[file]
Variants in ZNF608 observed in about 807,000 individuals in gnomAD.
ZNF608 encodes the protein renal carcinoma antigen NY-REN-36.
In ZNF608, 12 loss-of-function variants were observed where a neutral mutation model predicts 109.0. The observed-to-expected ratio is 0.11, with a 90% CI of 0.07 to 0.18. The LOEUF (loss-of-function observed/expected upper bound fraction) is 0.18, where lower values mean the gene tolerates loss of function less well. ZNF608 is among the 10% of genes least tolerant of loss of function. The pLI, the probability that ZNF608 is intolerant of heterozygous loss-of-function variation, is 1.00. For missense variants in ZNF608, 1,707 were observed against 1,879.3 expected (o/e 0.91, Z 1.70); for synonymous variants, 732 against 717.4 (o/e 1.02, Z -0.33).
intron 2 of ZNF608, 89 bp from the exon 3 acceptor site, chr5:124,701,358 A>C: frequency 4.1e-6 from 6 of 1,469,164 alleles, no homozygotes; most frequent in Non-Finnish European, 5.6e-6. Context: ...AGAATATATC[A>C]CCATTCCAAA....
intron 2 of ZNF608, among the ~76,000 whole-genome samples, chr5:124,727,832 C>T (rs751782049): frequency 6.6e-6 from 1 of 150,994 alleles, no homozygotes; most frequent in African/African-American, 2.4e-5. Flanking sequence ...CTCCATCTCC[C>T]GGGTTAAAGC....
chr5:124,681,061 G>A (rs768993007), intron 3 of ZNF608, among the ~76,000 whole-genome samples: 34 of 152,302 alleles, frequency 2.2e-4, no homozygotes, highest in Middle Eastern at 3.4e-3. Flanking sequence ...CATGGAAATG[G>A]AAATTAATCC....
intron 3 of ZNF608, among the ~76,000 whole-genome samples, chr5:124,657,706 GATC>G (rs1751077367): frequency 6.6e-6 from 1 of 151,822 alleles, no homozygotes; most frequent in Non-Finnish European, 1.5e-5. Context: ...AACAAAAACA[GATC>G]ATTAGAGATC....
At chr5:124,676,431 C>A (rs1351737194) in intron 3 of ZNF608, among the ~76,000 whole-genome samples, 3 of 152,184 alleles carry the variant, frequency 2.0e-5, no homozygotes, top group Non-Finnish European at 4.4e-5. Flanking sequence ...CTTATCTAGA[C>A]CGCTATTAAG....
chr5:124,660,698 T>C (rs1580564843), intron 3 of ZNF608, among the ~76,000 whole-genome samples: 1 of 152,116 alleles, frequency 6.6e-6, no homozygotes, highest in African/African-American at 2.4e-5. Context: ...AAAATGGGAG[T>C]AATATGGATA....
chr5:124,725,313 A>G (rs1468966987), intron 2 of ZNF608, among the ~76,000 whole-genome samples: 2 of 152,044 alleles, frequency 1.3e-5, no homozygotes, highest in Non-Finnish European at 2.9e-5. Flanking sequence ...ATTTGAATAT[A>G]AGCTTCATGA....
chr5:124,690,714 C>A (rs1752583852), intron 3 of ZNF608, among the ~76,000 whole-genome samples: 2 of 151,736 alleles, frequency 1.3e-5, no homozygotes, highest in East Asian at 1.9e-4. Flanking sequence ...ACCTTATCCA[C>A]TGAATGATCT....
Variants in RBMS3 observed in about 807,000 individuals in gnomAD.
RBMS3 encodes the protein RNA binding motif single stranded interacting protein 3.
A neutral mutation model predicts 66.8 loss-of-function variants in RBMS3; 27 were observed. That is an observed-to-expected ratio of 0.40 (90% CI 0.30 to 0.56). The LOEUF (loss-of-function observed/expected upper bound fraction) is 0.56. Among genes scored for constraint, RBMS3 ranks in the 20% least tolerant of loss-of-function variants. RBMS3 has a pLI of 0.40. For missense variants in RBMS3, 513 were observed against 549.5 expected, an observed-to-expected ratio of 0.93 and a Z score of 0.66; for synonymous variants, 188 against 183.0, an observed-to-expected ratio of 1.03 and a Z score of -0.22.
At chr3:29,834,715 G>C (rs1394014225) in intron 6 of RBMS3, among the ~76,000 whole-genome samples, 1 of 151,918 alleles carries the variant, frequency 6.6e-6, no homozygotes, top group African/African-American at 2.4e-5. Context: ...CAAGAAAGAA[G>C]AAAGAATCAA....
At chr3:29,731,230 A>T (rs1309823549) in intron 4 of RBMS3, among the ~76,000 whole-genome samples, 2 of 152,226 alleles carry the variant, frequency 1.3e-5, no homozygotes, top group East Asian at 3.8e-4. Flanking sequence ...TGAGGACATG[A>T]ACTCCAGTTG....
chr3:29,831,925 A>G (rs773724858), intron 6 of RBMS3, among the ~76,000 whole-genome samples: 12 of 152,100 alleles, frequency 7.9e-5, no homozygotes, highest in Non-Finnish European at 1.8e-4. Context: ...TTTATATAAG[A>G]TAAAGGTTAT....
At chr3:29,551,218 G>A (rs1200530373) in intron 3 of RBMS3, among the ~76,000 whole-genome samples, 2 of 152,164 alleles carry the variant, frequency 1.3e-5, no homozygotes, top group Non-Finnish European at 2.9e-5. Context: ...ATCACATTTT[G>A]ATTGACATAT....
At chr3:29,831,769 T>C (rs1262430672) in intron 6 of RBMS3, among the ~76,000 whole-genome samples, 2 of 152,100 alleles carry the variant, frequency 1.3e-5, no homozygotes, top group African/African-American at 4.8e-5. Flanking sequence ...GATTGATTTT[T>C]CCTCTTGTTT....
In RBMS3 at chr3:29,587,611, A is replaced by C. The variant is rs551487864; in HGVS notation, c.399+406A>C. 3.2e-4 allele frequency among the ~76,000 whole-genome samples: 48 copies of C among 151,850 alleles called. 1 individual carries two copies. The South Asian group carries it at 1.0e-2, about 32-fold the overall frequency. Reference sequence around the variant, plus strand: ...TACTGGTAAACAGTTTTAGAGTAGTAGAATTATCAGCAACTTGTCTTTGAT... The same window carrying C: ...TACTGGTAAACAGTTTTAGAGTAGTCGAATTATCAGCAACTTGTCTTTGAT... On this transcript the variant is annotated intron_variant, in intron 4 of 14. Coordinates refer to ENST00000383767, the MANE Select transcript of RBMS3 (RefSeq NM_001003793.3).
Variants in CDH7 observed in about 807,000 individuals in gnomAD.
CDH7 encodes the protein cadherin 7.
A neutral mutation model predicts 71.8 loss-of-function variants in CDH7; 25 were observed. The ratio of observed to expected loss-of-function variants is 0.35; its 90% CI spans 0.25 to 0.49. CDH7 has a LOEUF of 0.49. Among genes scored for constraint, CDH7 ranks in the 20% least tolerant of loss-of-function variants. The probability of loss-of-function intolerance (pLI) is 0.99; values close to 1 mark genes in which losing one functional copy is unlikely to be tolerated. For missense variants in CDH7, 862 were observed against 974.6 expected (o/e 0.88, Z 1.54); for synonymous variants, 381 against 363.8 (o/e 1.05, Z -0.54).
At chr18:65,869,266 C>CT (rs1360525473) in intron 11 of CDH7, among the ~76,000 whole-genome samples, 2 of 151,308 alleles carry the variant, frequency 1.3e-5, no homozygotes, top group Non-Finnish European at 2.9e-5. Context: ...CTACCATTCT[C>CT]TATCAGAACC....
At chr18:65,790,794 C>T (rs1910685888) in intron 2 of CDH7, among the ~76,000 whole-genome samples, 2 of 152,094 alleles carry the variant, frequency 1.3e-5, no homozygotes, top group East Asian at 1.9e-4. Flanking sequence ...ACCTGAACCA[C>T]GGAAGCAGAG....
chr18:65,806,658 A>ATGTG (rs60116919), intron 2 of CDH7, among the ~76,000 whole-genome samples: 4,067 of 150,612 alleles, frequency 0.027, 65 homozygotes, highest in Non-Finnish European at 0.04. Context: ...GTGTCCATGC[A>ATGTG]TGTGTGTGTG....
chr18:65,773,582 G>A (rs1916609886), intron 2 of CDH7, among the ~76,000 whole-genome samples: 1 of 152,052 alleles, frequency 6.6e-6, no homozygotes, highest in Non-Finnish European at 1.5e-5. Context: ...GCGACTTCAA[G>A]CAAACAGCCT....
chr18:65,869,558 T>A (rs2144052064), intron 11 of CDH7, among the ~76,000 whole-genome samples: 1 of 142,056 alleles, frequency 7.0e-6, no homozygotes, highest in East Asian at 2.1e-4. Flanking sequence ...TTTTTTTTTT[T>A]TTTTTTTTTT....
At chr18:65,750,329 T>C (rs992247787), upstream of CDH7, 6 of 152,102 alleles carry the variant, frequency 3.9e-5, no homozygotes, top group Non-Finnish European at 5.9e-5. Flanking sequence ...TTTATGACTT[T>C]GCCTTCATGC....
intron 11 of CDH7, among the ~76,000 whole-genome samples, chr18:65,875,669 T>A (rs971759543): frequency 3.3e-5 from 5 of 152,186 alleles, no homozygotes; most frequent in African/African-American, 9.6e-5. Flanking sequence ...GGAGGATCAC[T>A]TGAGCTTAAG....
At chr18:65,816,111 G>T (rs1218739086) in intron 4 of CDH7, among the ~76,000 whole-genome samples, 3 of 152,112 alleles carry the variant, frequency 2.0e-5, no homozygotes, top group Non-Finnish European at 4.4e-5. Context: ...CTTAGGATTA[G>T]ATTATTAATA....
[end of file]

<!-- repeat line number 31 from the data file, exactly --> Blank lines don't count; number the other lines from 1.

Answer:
At chr18:65,816,111 G>T (rs1218739086) in intron 4 of CDH7, among the ~76,000 whole-genome samples, 3 of 152,112 alleles carry the variant, frequency 2.0e-5, no homozygotes, top group Non-Finnish European at 4.4e-5. Context: ...CTTAGGATTA[G>T]ATTATTAATA....